Writer defends business as engine of development
“The Case for Business in Developing Economies” (Penguin, $34.95), by Ann Bernstein
Monday, December 27, 2010
The rhetoric around the economy in South Africa can be heated, perhaps because unions and the Communist Party work closely with the governing African National Congress.
For instance, working papers the Congress of South African Trade Unions prepared for a recent policymaking session with the ANC declared the source of corruption “is, and has always been, the capitalist system.”
No wonder Ann Bernstein, who heads a conservative Johannesburg think tank, was moved to write “The Case for Business in Developing Economies.”
Bernstein presents herself as a hardheaded realist focused on getting the job of development done. In a style that is forceful, lively and not without humor, she takes on figures like leftist, anti-globalization writer Naomi Klein and the international pressure groups known as non-governmental organizations, or NGOs, that have pushed global business to pursue good along with profits.
Bernstein may spend too much of her 372-page book defining and blasting the enemy rather than developing her thesis. It’s 142 pages before we get to Part 2: “Business is good for society and essential for sustainable development,” and that’s where her work gets most interesting and nuanced.
Success in business, she writes, “generates the profits and growth which enable governments and companies to transform barren landscape into a thriving city, to change the future of a hitherto poor country, to modernize individuals and societies.”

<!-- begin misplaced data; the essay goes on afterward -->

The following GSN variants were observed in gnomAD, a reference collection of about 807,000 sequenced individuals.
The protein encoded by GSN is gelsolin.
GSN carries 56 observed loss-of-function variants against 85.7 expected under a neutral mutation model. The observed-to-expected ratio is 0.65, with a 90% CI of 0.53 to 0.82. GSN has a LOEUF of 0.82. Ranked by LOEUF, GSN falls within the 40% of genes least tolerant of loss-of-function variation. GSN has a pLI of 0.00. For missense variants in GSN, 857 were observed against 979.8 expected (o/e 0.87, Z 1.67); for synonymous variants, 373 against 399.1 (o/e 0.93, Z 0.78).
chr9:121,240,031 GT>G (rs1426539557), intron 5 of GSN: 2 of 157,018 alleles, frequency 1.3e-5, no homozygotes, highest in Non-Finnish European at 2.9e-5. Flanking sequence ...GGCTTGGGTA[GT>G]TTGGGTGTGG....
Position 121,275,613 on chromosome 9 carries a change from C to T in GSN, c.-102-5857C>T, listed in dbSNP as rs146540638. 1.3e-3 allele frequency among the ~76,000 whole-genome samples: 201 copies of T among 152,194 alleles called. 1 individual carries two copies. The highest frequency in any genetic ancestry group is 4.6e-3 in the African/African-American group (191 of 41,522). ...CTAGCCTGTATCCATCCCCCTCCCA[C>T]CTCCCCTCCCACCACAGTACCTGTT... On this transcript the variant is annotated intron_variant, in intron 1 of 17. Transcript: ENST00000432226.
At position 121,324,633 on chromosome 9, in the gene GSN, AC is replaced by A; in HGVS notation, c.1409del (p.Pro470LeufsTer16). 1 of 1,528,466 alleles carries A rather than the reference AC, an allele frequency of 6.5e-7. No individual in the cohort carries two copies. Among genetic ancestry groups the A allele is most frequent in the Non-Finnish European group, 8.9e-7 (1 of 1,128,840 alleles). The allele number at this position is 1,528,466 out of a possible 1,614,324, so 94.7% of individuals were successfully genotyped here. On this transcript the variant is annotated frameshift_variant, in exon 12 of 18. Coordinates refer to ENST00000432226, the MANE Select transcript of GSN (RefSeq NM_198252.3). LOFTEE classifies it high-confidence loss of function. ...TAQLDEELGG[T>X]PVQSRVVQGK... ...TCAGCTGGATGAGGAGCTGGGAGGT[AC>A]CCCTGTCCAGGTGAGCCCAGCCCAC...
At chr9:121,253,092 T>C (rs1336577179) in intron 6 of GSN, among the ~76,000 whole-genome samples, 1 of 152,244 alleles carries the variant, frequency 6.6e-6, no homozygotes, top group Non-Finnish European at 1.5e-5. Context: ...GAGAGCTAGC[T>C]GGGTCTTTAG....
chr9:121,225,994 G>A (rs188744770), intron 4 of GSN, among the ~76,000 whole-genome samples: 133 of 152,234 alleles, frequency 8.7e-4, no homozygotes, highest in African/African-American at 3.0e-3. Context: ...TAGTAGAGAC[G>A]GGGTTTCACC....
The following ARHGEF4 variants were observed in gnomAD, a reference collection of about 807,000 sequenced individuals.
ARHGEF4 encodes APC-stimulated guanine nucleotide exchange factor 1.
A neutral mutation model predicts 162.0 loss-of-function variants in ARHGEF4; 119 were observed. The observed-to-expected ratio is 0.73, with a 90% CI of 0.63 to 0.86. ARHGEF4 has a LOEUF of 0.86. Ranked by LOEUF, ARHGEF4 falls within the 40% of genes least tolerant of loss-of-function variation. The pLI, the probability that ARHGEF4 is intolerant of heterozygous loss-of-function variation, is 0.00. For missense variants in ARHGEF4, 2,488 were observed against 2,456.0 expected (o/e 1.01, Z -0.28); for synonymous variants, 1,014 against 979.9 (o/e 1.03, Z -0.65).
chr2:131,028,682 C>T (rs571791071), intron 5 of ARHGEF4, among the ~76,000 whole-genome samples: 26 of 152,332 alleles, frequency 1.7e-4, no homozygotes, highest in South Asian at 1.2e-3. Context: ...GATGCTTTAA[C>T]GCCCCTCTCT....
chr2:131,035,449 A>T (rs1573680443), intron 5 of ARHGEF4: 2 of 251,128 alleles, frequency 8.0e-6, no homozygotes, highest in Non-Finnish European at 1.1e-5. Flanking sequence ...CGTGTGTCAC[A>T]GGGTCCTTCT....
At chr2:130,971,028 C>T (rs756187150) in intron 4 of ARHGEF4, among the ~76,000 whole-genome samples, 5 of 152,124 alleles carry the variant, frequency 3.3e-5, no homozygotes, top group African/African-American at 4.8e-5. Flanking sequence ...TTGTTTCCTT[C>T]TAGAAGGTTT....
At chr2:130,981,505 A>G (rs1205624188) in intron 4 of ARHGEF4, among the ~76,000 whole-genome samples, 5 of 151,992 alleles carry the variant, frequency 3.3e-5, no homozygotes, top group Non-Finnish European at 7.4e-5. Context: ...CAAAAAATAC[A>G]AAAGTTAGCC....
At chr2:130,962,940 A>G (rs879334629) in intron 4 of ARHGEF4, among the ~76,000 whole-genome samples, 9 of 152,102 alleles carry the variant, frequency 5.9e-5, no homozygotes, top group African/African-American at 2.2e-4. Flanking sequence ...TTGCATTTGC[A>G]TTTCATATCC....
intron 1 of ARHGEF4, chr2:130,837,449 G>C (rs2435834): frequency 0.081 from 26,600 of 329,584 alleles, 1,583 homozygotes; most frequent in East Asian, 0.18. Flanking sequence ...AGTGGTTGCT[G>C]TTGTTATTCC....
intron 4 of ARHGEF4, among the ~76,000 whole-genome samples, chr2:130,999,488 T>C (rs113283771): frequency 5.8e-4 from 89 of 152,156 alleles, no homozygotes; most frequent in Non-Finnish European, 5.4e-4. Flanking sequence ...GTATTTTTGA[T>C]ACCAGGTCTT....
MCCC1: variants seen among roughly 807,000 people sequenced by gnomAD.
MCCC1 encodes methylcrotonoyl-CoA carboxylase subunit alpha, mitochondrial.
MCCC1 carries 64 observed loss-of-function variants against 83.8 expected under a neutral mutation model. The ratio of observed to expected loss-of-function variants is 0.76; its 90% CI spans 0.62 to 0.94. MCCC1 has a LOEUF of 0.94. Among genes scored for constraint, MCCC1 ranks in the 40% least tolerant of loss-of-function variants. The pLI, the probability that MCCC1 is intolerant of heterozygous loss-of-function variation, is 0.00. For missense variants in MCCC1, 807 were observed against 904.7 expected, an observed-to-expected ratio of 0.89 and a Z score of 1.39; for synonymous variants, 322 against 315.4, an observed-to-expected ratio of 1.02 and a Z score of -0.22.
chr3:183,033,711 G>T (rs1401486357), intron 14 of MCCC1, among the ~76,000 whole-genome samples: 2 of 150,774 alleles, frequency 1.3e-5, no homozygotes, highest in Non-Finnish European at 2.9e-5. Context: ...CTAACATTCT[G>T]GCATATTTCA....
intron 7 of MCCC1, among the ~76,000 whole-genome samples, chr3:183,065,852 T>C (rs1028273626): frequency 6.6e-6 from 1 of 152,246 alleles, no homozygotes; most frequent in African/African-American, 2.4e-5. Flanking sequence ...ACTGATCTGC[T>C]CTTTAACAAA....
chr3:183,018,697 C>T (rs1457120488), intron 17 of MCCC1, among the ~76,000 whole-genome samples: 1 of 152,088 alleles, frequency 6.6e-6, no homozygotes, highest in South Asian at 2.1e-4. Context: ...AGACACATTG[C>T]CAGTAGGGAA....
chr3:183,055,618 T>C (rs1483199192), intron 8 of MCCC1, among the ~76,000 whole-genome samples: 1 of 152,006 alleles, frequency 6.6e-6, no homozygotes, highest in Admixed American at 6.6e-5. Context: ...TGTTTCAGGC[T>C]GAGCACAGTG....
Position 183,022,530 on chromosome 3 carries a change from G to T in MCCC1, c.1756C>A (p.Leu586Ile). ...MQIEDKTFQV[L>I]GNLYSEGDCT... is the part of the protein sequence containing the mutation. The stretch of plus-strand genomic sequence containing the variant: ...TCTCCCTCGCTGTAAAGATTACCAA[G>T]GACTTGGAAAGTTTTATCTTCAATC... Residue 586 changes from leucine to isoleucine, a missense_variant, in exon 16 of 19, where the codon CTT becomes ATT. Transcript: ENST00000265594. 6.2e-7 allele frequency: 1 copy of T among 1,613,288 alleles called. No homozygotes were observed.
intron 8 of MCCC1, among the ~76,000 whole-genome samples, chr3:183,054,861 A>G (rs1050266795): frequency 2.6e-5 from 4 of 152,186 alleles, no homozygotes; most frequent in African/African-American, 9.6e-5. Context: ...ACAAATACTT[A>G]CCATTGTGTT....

International companies’ hunger for workers means they take on women and minorities, giving those groups opportunities they might not otherwise have, she writes.
“Firms are optimistic by nature, the very opposite of the fatalism that characterizes more traditional societies, or those that have labored for decades under socialist rule or other kinds of ineffective, corrupt and debilitating governments that clamp down on initiative and achievement,” Bernstein writes.
The book is not an argument for deregulation or a defense of the corrupt. Bernstein does not let capitalists completely off the hook. In their quest for the new and for more efficiency, entrepreneurs destroy as well as create, she says, leaving behind workers without the latest skills and competitors without the comparative advantage.
A writer who at one point declares “NGOs hold back development” praises the apartheid-era groups that organized a boycott that forced businesses in their communities to end segregation in their shops.
“Like the majority of South Africans, business people could have done much more to oppose apartheid,” she said. “It is not good enough to apologize profusely and then go back to business as usual, or establish a relationship with the new government which is as uncritical as that with the previous one.”
There are no charts or footnotes to put off readers who might not normally be drawn to the subject, and for those who want to know more, the extensive list of references at the end can serve as a guide to further reading.
And back at the policy conference, the ANC held a moderate line. President Jacob Zuma met with business leaders on the sidelines of the meeting, squelched calls for nationalizing mines, and declared his allegiance to “a mixed economy,” where the state, labor and private capital would work for development together.